Knowledge Forum

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Knowledge Forum
Stable release
Operating systemCross-platform

Knowledge Forum is an educational software designed to help and support knowledge building communities. Previously, the product was called Computer Supported Intentional Learning Environments (CSILE). It was designed for a short period of time by York University and continued at the Ontario Institute for Studies in Education, University of Toronto, to support knowledge building pedagogies, practices and research designated in this area. In 1983, CSILE was prototyped in a university course and in 1986 it was used for the first time in an elementary school, as a full version. CSILE was considered the first networked system designed for collaborative learning (Carl Bereiter webpage). The main contributors were Marlene Scardamalia and Carl Bereiter.

In 1995, the software was redesigned in accordance to World Wide Web philosophy by OISE in cooperation with Learning in Motion.[1] The new generation was called Knowledge Forum (KF). Knowledge Forum is an asynchronous Computer-mediated communication (CMC) technology that provides a shared discourse environment. It facilitates collaborative knowledge-building strategies, textual and graphical representation of ideas, and reorganization of knowledge artifacts.

The product is now used in a variety of social contexts in 19 countries in the Americas, Europe, Asia, Australia and New Zealand. The Institute for Knowledge Innovation and Technology (IKIT) from OISE is the research group that takes charge of future developments of Knowledge Forum.


Knowledge Forum (KF) Server is implemented for Windows, Mac and Linux platforms, while the latest version (KF 4.8) has a Client written in as a hybrid of Java applet and web pages. KF can be used as an e-learning system or as an in-class technology. For each class and course there is a database, individually assigned for each entity.

The main feature of the product is called note. With notes, users can do the followings:

  • Offer various options of finding for existing notes
  • Write a new note
  • Co-author, when more users share the authorship for the same note
  • Reference and quote an existing note
  • Annotate allows users to comment on an existing note without creating a new one.
  • Reply (built-on) on a specific note.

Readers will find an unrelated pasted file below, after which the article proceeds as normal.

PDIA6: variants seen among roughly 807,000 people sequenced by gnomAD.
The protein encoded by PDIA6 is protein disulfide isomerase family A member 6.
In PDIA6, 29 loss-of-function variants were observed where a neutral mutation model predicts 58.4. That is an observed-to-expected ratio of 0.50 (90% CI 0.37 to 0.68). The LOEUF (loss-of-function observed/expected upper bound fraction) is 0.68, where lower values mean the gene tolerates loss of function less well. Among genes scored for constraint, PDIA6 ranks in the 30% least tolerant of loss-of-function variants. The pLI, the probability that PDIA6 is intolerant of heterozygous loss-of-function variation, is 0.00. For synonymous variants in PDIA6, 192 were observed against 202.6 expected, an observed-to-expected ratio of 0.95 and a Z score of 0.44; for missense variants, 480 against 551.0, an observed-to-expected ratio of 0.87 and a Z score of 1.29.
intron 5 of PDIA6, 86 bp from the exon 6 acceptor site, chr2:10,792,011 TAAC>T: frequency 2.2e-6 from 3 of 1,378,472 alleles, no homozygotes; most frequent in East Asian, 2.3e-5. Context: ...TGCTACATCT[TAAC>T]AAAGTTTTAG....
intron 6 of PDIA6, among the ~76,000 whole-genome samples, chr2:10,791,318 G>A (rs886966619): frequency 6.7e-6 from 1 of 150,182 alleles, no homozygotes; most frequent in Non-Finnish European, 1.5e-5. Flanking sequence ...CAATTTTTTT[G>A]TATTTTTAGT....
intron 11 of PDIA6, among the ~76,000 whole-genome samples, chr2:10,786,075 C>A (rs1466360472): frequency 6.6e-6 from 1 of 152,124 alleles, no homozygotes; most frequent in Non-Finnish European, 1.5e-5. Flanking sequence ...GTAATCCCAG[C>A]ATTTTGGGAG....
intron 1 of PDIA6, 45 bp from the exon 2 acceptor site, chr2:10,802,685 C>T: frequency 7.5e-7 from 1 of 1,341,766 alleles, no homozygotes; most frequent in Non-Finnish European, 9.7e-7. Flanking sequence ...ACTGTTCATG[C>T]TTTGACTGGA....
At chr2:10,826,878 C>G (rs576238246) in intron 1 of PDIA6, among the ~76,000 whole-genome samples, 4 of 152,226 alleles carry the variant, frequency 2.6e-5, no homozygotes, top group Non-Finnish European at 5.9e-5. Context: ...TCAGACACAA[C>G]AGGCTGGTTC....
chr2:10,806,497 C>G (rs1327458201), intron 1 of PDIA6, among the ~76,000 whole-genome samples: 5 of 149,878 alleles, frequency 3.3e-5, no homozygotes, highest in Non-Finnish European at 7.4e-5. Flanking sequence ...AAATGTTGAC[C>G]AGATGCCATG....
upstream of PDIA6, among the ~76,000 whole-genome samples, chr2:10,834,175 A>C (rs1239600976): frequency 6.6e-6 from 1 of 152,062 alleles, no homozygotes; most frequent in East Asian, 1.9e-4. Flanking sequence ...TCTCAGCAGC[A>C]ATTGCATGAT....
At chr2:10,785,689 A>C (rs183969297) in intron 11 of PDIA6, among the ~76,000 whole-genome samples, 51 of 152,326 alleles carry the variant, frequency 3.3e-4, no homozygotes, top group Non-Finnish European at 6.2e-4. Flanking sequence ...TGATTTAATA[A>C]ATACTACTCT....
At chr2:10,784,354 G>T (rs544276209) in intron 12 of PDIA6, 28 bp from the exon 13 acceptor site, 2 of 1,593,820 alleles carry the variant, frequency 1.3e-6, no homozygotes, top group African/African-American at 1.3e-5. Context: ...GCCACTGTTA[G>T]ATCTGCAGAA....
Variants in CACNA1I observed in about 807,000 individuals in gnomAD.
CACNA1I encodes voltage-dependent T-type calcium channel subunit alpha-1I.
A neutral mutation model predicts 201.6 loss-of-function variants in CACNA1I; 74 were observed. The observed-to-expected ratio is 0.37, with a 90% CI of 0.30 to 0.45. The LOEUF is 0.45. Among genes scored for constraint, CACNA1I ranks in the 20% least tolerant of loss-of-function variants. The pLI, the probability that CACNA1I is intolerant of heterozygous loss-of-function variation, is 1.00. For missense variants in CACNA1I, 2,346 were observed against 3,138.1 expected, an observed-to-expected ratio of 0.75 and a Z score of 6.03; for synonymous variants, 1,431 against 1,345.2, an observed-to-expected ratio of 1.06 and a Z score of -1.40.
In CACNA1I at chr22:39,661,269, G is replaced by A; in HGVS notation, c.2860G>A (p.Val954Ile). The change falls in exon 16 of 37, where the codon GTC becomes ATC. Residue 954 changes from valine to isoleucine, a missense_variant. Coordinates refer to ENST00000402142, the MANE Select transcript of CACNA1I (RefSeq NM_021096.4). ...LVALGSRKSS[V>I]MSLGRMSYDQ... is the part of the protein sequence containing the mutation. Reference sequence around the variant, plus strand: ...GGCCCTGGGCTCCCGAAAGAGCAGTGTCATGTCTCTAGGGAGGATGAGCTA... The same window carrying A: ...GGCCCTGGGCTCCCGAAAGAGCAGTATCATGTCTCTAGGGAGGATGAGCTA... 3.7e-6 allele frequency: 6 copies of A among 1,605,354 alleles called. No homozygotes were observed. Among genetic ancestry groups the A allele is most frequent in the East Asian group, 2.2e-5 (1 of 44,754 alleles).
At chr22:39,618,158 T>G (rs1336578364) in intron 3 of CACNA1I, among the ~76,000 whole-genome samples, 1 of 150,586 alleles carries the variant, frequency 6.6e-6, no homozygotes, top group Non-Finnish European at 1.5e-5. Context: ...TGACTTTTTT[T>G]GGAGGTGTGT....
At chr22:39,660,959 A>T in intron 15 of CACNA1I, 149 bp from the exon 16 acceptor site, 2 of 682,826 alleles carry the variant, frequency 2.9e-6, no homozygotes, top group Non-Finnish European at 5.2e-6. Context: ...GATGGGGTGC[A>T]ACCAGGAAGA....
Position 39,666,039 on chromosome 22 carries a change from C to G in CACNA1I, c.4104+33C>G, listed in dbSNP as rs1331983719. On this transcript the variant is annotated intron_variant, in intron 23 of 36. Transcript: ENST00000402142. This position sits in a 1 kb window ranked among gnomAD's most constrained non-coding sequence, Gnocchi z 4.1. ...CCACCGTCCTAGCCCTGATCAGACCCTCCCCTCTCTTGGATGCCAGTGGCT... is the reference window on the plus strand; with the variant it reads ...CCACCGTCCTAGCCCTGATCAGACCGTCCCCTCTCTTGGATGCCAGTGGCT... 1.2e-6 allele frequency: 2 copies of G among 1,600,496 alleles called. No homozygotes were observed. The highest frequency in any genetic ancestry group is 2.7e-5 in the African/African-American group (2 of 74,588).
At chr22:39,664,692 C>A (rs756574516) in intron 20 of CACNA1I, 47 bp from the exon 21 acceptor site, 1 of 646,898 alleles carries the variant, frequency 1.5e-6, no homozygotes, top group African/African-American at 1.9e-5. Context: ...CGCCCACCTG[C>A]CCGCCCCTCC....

• Rise-above notes which subsume sets of related notes.

The main technique that KF uses is called scaffolding (Scardamalia, 2004). Learners use a specific set of scaffolds that directs other toward cognitive operations that will help them to improve their understanding. The basic set of scaffolds is the following one:

  • My theory
  • I need to understand
  • New information
  • This theory cannot explain
  • A better theory
  • Putting our knowledge together

Software features[edit]

Knowledge Forum has some basic components that all Learning Management Systems have. It has facilities for posting messages, searching for notes, uploading documents, and online assignments. However, KF is not a typical LMS. Some features (such as grade book, live chat, student information, and the integration into a larger network of users) are not implemented.

Knowledge Forum is not committed to be a traditional LMS. According with its purposes, KF is grounded on knowledge building theory. The software helps students in their effort to acquire new meaning and nurture knowledge building communities. In consequence, Knowledge Forum requires that learners and instructors take an approach in concordance with knowledge building theory.

Currently in version 4.8 in beta-testing the major version 5 is in progress.

Pedagogical approaches[edit]

Knowledge Forum can be used in different areas such as:

  • Education, from grade 1 to graduate students
  • Healthcare
  • Business

According to Bereiter and Scardamalia (2003) "a comprehensive knowledge building environment would provide a means of initiating students into a knowledge-creating culture—to make them feel a part of humankind’s long-term effort to understand their world and gain some control over their destiny" (p. 18).

Other e-learning platforms[edit]

See also[edit]

External links[edit]


  1. ^ "Learning in Motion, Inc". Archived from the original on 2019-03-26. Retrieved 2022-07-11.

Bereiter, C. & Scardamalia, M. (2003). Learning to work creatively with knowledge. In E. De Corte, L. Verschaffel, N. Entwistle, & J. van Merriënboer (Eds.), Unravelling basic components and dimensions of powerful learning environments. EARLI Advances in Learning and Instruction Series; Retrieved from

Scardamalia, M (2004). CSILE/Knowledge Forum. In education and Technology: An encyclopedia (pp. 183–192). Santa Barbara: ABC-CLIO